My two new friends were very upset that they'd left their cameras at home. Thankfully, I was totin' mine so I volunteered to be their photographer. When it came time for the families to move up front, they told the organizer that I was waiting to see my grandfather. See what I mean? They pretty much adopted me. All that was missing was the paperwork.

I can't even describe how exciting it was to see those men (and women! woohoo!) walk out of the terminal. Many of them mentioned that they weren't expecting a big crowd and there were lots of ear-to-ear grins and some tears. One man said, "Is all this for us??" Bless him. Those brave souls deserved every bit of this warm welcome.


video
{The videographer...aka, me...got a bit distracted at the end. My new friends' soldier had just come into view, and I was asking them which one he was so I could snap pictures for them. Taking pictures became priority #1, so the video suffered. Taking great pictures with one's right hand and great video with one's left hand...simultaneously...requires more skill than I was blessed with.}


{I got to meet this lady after it was over. She was a nurse during WWII. Awesome.}

{There he is!}

{My new friends were so excited.}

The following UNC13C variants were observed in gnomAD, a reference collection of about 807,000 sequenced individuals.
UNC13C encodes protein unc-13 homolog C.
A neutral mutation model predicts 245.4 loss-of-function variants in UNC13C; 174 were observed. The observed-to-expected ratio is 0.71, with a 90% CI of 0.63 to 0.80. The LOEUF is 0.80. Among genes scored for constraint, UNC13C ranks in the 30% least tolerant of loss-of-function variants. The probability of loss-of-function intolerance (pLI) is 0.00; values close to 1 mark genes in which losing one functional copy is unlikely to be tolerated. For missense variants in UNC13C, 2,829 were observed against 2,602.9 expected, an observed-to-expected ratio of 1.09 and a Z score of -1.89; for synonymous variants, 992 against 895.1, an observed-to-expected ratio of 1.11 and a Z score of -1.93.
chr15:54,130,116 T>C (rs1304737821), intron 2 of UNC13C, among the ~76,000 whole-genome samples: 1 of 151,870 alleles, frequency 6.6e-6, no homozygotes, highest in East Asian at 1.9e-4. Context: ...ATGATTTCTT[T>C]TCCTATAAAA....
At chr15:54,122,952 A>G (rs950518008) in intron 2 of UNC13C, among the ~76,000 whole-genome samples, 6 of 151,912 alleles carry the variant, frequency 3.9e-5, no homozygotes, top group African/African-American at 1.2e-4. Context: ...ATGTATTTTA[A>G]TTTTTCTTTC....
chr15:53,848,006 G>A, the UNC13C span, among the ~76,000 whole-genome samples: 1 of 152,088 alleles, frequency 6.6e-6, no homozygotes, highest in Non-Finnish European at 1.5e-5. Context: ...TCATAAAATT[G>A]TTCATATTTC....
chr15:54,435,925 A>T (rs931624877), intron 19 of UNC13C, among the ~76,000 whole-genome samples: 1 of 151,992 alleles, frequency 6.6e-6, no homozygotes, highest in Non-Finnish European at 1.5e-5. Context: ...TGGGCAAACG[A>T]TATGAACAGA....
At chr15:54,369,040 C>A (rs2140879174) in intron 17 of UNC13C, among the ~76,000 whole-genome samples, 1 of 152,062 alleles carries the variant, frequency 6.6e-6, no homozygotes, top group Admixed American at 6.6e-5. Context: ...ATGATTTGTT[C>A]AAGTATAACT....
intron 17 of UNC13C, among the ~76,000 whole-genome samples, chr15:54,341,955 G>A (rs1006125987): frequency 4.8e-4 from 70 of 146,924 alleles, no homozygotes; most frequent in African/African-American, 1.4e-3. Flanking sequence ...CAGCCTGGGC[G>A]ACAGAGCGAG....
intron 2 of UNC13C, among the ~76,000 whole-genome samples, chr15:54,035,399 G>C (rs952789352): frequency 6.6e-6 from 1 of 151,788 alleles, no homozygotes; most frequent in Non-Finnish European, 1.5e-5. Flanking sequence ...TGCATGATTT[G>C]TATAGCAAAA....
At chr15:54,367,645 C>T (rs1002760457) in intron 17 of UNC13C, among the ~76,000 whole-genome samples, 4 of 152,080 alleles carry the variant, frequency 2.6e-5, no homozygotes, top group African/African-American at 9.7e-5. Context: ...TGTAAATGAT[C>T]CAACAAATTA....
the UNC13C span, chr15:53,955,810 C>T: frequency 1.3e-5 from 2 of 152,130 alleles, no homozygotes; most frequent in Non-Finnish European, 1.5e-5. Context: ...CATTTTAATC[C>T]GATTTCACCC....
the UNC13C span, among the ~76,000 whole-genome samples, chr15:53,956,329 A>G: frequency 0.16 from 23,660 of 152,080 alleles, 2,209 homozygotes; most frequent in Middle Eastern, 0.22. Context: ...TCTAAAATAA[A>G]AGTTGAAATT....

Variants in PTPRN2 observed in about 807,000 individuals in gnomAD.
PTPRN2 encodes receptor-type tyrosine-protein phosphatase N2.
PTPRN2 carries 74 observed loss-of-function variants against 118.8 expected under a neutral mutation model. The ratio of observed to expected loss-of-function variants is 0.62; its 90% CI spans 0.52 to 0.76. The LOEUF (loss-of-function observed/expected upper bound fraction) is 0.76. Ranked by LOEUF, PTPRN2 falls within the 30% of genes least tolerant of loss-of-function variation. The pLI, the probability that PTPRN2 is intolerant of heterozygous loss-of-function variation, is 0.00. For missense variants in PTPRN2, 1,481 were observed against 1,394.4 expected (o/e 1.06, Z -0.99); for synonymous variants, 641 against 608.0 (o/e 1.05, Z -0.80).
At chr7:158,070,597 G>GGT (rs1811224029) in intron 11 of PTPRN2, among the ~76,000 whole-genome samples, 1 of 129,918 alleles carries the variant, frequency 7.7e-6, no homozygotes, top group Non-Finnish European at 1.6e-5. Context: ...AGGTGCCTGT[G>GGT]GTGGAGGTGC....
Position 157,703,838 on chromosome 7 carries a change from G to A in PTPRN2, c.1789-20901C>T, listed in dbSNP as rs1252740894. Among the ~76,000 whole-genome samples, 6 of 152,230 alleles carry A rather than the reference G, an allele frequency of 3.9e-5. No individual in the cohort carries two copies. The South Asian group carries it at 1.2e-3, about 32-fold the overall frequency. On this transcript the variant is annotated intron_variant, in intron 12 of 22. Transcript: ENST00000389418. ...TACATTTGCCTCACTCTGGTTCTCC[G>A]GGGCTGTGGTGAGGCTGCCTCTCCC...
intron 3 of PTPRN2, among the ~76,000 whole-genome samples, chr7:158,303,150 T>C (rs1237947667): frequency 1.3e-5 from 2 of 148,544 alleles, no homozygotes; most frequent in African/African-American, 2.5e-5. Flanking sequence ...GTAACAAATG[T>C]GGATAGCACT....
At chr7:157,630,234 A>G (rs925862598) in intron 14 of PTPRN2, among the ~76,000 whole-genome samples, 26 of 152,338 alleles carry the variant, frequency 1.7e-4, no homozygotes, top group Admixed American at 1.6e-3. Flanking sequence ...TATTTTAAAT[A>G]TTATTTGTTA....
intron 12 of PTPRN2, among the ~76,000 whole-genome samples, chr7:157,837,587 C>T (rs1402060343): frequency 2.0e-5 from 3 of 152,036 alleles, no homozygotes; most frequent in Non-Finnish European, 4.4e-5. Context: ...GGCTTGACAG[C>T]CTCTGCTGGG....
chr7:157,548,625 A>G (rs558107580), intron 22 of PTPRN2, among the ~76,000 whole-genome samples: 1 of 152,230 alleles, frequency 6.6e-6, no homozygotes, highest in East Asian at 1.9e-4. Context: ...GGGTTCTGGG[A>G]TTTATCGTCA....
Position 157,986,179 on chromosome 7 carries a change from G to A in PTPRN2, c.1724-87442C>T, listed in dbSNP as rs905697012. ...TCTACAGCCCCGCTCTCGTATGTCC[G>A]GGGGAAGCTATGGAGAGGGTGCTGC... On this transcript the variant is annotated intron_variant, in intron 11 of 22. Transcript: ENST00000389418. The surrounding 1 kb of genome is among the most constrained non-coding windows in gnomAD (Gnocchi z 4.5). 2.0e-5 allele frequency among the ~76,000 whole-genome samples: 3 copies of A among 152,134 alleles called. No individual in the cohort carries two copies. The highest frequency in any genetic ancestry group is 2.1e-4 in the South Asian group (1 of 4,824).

{Another incredible lady!}

{This sweet soldier was a delight. Once he saw how many people were cheering for him and his fellow flight participants, he got up out of his wheelchair and started cheering along with everyone, waving his flag very vigorously. He was so excited. Such a fun moment in time.}

{This dear girl shook the hand of every single soldier who came by. Precious.} 

{This pretty lady absolutely made my night. She told me she worked in a factory during WWII while her husband was overseas. I wish I'd gotten a picture of her reuniting with her soldier. She looked so proud of him.}

I think the Honor Flight program is incredible and I'm very sad to see it end, at least in our area. If you ever have the opportunity to participate in a homecoming, please do so. Every soldier deserves to feel like a hero, even if it's for just a few moments in time.